while i waited for a bus back to my village i thought about our conversation. the no-bigger-than-a-winnebago van pulled up and 26+ passengers proceeded to force their way in. it was standing room only but people still piled on top of people. i stood with my knees snuggly touching 4 older ladies, my head rubbing against the ceiling (i’m a staggering 5’3”), and trying to grab onto anything for balance. at that moment it was hard not to sort of dislike ukraine. i wanted to get the hell off that bus, find my guinean friend and confess, ‘okay okay! i REALLY DISLIKE traveling in ukraine. it’s messed up! and most times it feels more like transporting live stock or smuggling illegal immigrants than anything else’.
i stood there, knees pinned together, bouncing-off older babushkas like a shiny pinball. the man next to me tried to crack jokes but no one laughed, it was a tough crowd. he murmured to himself ‘it’s better to take the bus at night when it’s fileld with young people. they’re so fun and laugh at everything’. this time i stifled a laugh but the ‘cone of shame’ tilt of my head muffled it. suddenly one seated woman offered to take my bags and another moved her purse, flattened her skirt and gestured for me to sit on her lap. it wasn’t much longer till my stop so i didn’t end up needing her knee (i’m not sure she correctly guessed how much i weigh). but i was certainly touched, literally everywhere by like 10 different people, and emotionally. maybe everyone else on the bus that day felt the same. we were all forced to use this messed up/clearly unsafe mode of transportation, but at least we were in it together.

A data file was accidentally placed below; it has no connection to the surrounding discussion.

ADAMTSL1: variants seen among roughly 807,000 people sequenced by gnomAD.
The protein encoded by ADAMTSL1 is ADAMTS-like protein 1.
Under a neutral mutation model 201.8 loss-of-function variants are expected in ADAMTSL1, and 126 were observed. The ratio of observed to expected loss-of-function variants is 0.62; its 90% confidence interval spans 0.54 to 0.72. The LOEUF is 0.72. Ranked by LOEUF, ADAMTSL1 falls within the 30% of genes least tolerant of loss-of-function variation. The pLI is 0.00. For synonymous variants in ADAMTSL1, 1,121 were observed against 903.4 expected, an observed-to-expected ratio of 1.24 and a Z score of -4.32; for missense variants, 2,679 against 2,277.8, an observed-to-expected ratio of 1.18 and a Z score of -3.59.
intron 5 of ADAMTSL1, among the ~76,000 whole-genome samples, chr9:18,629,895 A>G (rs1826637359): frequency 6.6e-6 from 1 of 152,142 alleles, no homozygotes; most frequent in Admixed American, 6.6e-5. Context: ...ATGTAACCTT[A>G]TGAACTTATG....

it’s moments like these, not the clown-size bus full of people, but the surprising acts of kindness and even humor that make me like ukraine. ukrainians form a ‘all for one and one for all’ while traveling. they often share food with strangers on the train, hold other people’s children on a crowded bus, and if you’re lucky men will offer you their seat (sometimes). this is what makes traveling in ukraine bearable. this is what reminds me that it’s not all bad after-all. moments i wish the student from guinea could experience.